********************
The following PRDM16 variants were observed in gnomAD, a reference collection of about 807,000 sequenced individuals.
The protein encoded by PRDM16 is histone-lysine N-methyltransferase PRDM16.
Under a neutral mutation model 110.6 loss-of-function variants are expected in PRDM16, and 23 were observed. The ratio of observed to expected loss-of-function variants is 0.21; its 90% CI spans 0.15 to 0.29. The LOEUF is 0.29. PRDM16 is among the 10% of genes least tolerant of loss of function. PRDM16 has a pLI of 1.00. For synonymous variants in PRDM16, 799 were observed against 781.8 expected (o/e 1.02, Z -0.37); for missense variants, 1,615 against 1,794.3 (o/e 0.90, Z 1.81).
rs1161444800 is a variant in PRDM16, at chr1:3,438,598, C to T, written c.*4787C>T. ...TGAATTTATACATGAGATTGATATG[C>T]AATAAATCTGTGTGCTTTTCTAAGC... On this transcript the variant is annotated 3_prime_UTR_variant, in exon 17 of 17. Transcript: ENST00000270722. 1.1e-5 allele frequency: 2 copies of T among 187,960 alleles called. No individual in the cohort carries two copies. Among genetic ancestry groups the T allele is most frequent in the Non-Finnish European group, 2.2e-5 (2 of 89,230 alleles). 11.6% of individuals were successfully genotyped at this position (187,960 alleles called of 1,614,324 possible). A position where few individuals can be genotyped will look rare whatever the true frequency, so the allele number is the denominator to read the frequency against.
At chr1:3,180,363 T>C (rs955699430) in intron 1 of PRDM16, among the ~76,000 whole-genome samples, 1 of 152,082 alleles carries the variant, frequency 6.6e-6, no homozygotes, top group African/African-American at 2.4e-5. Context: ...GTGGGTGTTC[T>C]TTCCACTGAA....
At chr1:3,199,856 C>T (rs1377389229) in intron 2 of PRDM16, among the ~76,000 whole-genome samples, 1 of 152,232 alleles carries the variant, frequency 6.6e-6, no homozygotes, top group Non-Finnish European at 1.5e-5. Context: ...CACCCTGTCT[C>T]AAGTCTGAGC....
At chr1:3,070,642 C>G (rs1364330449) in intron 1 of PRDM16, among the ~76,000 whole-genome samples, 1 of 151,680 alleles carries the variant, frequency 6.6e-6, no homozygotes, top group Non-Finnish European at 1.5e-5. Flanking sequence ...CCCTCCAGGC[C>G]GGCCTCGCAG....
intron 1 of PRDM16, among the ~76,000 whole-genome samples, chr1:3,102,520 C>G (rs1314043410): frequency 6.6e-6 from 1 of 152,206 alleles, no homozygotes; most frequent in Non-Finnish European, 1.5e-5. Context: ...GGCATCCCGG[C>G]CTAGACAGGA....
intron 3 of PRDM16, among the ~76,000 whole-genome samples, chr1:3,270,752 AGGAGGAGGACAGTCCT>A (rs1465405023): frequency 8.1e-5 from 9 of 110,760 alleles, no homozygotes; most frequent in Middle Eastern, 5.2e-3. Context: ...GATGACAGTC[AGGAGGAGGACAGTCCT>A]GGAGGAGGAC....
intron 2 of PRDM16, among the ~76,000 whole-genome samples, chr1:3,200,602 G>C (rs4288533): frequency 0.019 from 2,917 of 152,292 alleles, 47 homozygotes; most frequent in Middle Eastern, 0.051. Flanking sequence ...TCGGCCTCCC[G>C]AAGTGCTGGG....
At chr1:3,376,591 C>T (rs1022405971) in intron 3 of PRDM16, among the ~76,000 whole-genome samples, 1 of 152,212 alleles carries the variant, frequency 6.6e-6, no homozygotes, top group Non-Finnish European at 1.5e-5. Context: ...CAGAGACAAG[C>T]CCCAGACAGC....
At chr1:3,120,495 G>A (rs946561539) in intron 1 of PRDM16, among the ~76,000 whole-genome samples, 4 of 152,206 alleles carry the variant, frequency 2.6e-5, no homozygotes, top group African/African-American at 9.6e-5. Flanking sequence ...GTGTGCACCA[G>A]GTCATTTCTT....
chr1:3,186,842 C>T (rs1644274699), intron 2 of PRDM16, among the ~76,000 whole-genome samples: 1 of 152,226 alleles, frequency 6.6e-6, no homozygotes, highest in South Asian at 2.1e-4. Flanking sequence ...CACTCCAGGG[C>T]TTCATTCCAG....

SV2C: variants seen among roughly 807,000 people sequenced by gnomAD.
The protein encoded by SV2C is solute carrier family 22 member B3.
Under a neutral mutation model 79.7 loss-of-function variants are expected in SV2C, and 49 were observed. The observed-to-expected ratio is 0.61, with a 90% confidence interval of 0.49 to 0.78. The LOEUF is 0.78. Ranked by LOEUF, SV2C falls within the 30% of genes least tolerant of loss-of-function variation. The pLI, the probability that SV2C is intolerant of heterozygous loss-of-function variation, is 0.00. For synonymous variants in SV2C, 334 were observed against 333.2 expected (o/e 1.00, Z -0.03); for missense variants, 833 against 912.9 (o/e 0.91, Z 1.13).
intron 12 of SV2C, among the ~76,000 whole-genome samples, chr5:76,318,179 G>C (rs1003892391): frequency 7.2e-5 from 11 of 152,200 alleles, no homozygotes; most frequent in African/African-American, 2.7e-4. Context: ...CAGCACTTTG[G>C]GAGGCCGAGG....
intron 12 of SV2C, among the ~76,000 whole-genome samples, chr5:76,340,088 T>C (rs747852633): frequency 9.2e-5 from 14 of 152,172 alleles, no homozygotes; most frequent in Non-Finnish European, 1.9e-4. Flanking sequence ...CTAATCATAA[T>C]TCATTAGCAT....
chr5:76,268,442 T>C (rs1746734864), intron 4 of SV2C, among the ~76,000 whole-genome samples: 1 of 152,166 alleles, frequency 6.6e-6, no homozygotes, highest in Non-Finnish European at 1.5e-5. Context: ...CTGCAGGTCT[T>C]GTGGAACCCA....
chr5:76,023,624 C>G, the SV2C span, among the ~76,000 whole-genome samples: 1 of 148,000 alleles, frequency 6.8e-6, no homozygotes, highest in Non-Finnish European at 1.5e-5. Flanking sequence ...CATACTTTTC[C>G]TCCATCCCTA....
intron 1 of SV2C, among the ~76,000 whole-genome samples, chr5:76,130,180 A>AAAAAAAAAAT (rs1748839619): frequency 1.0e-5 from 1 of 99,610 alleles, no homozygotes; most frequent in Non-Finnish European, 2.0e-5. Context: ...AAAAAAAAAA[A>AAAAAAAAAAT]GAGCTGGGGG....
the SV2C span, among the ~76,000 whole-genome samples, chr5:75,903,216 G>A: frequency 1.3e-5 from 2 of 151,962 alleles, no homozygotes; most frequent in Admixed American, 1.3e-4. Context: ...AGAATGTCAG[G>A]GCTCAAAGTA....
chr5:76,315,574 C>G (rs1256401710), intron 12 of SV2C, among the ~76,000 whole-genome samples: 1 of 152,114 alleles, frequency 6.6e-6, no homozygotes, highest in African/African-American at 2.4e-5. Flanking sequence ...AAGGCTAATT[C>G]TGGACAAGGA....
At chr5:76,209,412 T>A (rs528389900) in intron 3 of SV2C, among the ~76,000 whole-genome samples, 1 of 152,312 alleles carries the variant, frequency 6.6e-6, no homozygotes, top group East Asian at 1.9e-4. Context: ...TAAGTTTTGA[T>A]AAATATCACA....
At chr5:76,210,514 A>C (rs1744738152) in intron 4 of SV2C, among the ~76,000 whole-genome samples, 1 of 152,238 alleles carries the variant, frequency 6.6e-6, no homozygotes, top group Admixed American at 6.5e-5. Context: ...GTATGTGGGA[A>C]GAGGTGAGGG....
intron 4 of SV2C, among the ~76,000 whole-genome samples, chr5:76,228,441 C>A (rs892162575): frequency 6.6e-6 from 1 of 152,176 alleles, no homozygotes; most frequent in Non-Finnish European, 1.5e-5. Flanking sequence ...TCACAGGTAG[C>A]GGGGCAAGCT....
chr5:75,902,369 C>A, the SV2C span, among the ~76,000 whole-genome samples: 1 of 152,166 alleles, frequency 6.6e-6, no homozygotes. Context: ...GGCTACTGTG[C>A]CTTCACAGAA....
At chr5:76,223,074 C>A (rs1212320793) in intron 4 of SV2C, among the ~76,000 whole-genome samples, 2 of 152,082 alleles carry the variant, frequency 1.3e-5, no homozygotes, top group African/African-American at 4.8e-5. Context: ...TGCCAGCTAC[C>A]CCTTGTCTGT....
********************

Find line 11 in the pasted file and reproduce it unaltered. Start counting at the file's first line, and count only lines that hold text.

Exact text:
At chr1:3,376,591 C>T (rs1022405971) in intron 3 of PRDM16, among the ~76,000 whole-genome samples, 1 of 152,212 alleles carries the variant, frequency 6.6e-6, no homozygotes, top group Non-Finnish European at 1.5e-5. Context: ...CAGAGACAAG[C>T]CCCAGACAGC....